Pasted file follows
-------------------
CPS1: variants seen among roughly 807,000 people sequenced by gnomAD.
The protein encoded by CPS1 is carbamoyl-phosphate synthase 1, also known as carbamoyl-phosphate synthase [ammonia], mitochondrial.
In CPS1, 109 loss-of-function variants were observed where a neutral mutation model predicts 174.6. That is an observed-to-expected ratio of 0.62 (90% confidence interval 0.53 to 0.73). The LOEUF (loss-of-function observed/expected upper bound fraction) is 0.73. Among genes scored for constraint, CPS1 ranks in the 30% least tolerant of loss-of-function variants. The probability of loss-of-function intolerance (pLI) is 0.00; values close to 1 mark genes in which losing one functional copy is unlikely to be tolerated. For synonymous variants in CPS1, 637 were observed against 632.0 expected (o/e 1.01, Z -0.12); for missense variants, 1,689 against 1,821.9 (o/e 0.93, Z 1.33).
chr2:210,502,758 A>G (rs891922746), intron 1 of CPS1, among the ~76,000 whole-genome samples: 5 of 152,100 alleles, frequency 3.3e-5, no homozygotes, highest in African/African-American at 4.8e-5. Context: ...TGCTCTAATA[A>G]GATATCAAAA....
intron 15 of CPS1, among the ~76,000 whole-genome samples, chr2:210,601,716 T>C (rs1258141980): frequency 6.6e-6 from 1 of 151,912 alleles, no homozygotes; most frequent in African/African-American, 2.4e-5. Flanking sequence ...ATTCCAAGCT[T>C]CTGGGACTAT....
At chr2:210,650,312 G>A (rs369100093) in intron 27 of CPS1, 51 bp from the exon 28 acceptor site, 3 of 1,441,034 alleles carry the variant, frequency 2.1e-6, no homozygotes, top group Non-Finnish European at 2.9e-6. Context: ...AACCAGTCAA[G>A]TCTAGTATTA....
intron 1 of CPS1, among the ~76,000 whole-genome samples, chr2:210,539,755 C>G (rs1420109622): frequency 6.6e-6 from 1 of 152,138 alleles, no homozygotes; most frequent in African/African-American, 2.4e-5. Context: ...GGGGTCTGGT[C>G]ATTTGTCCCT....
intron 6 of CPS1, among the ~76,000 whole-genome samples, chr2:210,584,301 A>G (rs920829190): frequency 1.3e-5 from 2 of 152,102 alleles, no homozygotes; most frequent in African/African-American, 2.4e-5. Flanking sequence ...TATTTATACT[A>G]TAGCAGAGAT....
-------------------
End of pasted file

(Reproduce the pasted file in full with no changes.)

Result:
CPS1: variants seen among roughly 807,000 people sequenced by gnomAD.
The protein encoded by CPS1 is carbamoyl-phosphate synthase 1, also known as carbamoyl-phosphate synthase [ammonia], mitochondrial.
In CPS1, 109 loss-of-function variants were observed where a neutral mutation model predicts 174.6. That is an observed-to-expected ratio of 0.62 (90% confidence interval 0.53 to 0.73). The LOEUF (loss-of-function observed/expected upper bound fraction) is 0.73. Among genes scored for constraint, CPS1 ranks in the 30% least tolerant of loss-of-function variants. The probability of loss-of-function intolerance (pLI) is 0.00; values close to 1 mark genes in which losing one functional copy is unlikely to be tolerated. For synonymous variants in CPS1, 637 were observed against 632.0 expected (o/e 1.01, Z -0.12); for missense variants, 1,689 against 1,821.9 (o/e 0.93, Z 1.33).
chr2:210,502,758 A>G (rs891922746), intron 1 of CPS1, among the ~76,000 whole-genome samples: 5 of 152,100 alleles, frequency 3.3e-5, no homozygotes, highest in African/African-American at 4.8e-5. Context: ...TGCTCTAATA[A>G]GATATCAAAA....
intron 15 of CPS1, among the ~76,000 whole-genome samples, chr2:210,601,716 T>C (rs1258141980): frequency 6.6e-6 from 1 of 151,912 alleles, no homozygotes; most frequent in African/African-American, 2.4e-5. Flanking sequence ...ATTCCAAGCT[T>C]CTGGGACTAT....
At chr2:210,650,312 G>A (rs369100093) in intron 27 of CPS1, 51 bp from the exon 28 acceptor site, 3 of 1,441,034 alleles carry the variant, frequency 2.1e-6, no homozygotes, top group Non-Finnish European at 2.9e-6. Context: ...AACCAGTCAA[G>A]TCTAGTATTA....
intron 1 of CPS1, among the ~76,000 whole-genome samples, chr2:210,539,755 C>G (rs1420109622): frequency 6.6e-6 from 1 of 152,138 alleles, no homozygotes; most frequent in African/African-American, 2.4e-5. Context: ...GGGGTCTGGT[C>G]ATTTGTCCCT....
intron 6 of CPS1, among the ~76,000 whole-genome samples, chr2:210,584,301 A>G (rs920829190): frequency 1.3e-5 from 2 of 152,102 alleles, no homozygotes; most frequent in African/African-American, 2.4e-5. Flanking sequence ...TATTTATACT[A>G]TAGCAGAGAT....